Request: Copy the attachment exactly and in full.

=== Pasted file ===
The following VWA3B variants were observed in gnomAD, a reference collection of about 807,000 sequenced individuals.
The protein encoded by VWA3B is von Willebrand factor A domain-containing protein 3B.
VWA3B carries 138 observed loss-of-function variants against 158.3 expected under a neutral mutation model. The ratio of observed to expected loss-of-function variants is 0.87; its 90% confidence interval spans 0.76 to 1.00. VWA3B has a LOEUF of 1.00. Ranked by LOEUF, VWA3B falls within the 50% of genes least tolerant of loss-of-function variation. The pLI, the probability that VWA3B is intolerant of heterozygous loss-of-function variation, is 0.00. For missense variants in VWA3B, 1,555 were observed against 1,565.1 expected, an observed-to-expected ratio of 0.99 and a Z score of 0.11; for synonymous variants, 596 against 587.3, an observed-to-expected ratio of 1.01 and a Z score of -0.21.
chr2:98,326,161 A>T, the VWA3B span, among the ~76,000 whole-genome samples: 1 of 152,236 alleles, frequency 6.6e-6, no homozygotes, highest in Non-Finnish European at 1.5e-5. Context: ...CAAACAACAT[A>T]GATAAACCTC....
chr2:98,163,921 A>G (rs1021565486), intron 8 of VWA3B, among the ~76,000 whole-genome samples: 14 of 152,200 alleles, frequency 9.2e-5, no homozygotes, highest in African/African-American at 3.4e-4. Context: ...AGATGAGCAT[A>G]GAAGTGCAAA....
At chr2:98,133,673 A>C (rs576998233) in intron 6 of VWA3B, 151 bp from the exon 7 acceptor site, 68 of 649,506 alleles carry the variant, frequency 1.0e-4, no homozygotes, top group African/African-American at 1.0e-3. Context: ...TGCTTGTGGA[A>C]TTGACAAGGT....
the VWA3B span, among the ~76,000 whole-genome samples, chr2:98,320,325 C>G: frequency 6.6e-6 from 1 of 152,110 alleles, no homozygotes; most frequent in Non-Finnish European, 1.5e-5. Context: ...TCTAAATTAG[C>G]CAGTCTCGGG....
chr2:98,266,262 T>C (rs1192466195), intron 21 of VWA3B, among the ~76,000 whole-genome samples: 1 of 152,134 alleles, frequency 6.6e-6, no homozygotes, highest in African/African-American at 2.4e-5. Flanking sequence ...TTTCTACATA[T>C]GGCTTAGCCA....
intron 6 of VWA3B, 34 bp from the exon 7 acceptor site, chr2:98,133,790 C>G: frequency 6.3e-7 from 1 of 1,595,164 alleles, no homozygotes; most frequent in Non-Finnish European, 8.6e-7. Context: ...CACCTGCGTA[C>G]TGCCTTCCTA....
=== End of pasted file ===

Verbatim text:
The following VWA3B variants were observed in gnomAD, a reference collection of about 807,000 sequenced individuals.
The protein encoded by VWA3B is von Willebrand factor A domain-containing protein 3B.
VWA3B carries 138 observed loss-of-function variants against 158.3 expected under a neutral mutation model. The ratio of observed to expected loss-of-function variants is 0.87; its 90% confidence interval spans 0.76 to 1.00. VWA3B has a LOEUF of 1.00. Ranked by LOEUF, VWA3B falls within the 50% of genes least tolerant of loss-of-function variation. The pLI, the probability that VWA3B is intolerant of heterozygous loss-of-function variation, is 0.00. For missense variants in VWA3B, 1,555 were observed against 1,565.1 expected, an observed-to-expected ratio of 0.99 and a Z score of 0.11; for synonymous variants, 596 against 587.3, an observed-to-expected ratio of 1.01 and a Z score of -0.21.
chr2:98,326,161 A>T, the VWA3B span, among the ~76,000 whole-genome samples: 1 of 152,236 alleles, frequency 6.6e-6, no homozygotes, highest in Non-Finnish European at 1.5e-5. Context: ...CAAACAACAT[A>T]GATAAACCTC....
chr2:98,163,921 A>G (rs1021565486), intron 8 of VWA3B, among the ~76,000 whole-genome samples: 14 of 152,200 alleles, frequency 9.2e-5, no homozygotes, highest in African/African-American at 3.4e-4. Context: ...AGATGAGCAT[A>G]GAAGTGCAAA....
At chr2:98,133,673 A>C (rs576998233) in intron 6 of VWA3B, 151 bp from the exon 7 acceptor site, 68 of 649,506 alleles carry the variant, frequency 1.0e-4, no homozygotes, top group African/African-American at 1.0e-3. Context: ...TGCTTGTGGA[A>C]TTGACAAGGT....
the VWA3B span, among the ~76,000 whole-genome samples, chr2:98,320,325 C>G: frequency 6.6e-6 from 1 of 152,110 alleles, no homozygotes; most frequent in Non-Finnish European, 1.5e-5. Context: ...TCTAAATTAG[C>G]CAGTCTCGGG....
chr2:98,266,262 T>C (rs1192466195), intron 21 of VWA3B, among the ~76,000 whole-genome samples: 1 of 152,134 alleles, frequency 6.6e-6, no homozygotes, highest in African/African-American at 2.4e-5. Flanking sequence ...TTTCTACATA[T>C]GGCTTAGCCA....
intron 6 of VWA3B, 34 bp from the exon 7 acceptor site, chr2:98,133,790 C>G: frequency 6.3e-7 from 1 of 1,595,164 alleles, no homozygotes; most frequent in Non-Finnish European, 8.6e-7. Context: ...CACCTGCGTA[C>G]TGCCTTCCTA....